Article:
At the end of June, a commercial tribunal, in Bologna, Italy, handed down a stunning decision that could have massive implications for the collector car world. And yet, I’ve hardly seen a mention of it in anywhere in the automotive media world. The case in question was a lawsuit, brought by Ferrari, who was suing to stop a small Modenese shop from building replicas of the haloed 250 GTO.
Say what you will about Ferrari, but for decades they have been one of the most aggressive auto manufacturers, in terms of asserting their intellectual property rights. Unauthorized use of the Ferrari logo—cease and desist letter. Unauthorized reproduction of Ferrari scaled miniatures—lawsuit. Those boys in Modena don’t mess around.
So when plans were announced by a cross-town concern to construct 250 GTO replicas, Ferrari lodged a petition to have the design and intellectual property rights associated with the GTO officially protected. And, depending on your perception of the Italian courts, surprisingly (?) the tribunal agreed with Ferrari.
“The customization of the car’s lines and its aesthetic elements have made the 250 GTO unique, a true automobile icon,” the tribunal stated in its decision. The GTO’s “artistic merits” had been recognized by “numerous awards and official testaments.” In essence, the tribunal declared the GTO a work of art, no different than Michelangelo’s “David” or Raphael’s “The Sistine Madonna.”
“It’s the first time in Italy that a car has been recognized as a work of art,” a Ferrari spokesperson told Britain’s The Daily Telegraph. “It’s not just its beauty that makes it special – it also has a long racing history.”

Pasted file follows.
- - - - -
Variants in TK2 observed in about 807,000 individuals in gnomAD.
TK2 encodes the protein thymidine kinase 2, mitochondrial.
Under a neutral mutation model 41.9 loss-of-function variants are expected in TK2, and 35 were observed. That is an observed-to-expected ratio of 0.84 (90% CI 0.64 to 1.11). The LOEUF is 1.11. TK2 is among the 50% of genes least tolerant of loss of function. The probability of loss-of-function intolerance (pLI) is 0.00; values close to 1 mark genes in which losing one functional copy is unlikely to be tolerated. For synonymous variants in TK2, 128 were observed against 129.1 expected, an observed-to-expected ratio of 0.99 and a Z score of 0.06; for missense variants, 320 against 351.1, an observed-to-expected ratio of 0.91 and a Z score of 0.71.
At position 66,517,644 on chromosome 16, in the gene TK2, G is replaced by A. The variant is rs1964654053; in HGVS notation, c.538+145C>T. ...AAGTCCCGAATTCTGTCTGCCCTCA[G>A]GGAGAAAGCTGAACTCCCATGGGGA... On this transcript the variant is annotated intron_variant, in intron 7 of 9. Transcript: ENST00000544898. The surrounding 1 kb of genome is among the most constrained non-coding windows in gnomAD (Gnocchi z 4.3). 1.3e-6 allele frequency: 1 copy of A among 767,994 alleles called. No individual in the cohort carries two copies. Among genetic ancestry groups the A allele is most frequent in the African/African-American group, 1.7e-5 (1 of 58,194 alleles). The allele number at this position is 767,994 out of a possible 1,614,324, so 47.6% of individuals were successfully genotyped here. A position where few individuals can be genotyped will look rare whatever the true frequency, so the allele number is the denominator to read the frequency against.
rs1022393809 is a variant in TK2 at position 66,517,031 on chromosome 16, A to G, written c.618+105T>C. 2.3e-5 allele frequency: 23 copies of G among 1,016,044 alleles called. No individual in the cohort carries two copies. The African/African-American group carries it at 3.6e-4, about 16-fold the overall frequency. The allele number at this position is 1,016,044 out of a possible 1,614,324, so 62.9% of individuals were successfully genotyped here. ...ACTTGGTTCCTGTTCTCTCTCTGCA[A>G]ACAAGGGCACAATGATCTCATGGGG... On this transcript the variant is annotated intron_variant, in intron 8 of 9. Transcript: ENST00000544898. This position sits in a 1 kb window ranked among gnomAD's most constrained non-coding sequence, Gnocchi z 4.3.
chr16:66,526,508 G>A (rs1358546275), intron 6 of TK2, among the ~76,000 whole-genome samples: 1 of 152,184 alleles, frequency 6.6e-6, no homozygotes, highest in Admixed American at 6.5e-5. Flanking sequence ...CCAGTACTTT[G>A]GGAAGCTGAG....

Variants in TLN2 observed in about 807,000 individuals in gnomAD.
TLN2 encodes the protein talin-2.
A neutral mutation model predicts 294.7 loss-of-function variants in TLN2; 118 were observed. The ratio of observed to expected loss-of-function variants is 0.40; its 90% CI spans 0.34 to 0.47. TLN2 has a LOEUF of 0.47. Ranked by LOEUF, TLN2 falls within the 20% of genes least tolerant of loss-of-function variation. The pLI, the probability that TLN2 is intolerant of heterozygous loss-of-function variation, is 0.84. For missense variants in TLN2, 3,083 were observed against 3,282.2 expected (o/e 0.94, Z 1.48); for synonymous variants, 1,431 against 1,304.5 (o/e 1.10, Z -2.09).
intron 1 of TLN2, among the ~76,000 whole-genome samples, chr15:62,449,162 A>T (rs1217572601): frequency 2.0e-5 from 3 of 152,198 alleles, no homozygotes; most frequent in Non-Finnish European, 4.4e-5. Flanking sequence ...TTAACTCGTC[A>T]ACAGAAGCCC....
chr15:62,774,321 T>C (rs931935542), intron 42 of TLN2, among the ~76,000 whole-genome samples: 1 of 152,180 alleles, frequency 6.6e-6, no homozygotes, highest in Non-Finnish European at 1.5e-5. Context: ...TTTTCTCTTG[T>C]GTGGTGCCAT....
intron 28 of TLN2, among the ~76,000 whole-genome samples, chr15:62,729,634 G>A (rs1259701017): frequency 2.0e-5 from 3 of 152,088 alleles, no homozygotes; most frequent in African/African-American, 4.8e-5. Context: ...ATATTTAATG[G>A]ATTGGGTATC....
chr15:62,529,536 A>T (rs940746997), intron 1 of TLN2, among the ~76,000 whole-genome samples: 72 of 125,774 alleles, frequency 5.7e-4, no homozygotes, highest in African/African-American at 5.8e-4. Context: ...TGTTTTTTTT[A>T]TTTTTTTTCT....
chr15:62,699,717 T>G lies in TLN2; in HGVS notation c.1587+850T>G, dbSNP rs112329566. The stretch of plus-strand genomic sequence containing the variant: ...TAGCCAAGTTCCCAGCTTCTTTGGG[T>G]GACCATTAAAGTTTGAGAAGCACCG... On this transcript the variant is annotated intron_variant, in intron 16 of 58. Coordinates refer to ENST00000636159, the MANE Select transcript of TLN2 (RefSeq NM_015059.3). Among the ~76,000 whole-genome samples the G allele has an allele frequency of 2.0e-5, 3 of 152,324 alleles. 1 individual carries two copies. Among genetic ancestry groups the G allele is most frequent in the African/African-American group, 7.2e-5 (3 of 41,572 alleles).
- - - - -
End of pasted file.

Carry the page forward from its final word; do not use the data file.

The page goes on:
The ruling went on to state, “the customization of the car’s lines and its aesthetic elements have made the 250 GTO unique, a true automobile icon.” As a result, the tribunal declared that the production, commercialization and promotion of the model belonged solely to Ferrari.
So while this decision made minor “lifestyle” news—mostly sensationally focused on the $40-55 million value of the 36 existing Ferrari GTOs—what seems to have been lost in the shuffle is the potentially wide-ranging implications this decision could have across the collector car world and even the broader automotive industry.
While the GTO is certainly a beautiful, historic and now valuable design, it’s subjectively no more unique than say the Jaguar D-Type or the Porsche 550 Spyder. But what if this Italian decision becomes precedent setting? What if other major manufacturers like Jaguar and VW/Porsche decide that they too want to assert their rights to their own “works of art”? This one, seemingly innocuous case in Bologna could end up creating a very slippery slope for the automotive world. Not only would potential replicas, reproductions and “tribute cars” get caught up in this, but keep in mind, the tribunal’s decision also covered the “commercialization and promotion.” With this added protection, even reproductions of the likeness of those vehicles—photographs, artwork, models, t-shirts!—could potentially be protected and thus require a licensing agreement (read fee) for their use. Where does this end? How far could it go?
Finally, playing Devil’s Advocate (or maybe Enzo’s Advocate, in this case), if one car design can be declared a work of art, why not all of them? One-off racing specials like the Ol’ Yallers are certainly historic and unique. But who owns the rights to that design? The family of Max Balchowsky, the original creator? Or Dr. Ernie Nagamatsu, the car’s current owner?
This decision could open up a very complicated and challenging new chapter in the collector car world. Could be difficult times ahead…unless, of course, you’re both an automotive enthusiast and a patent attorney!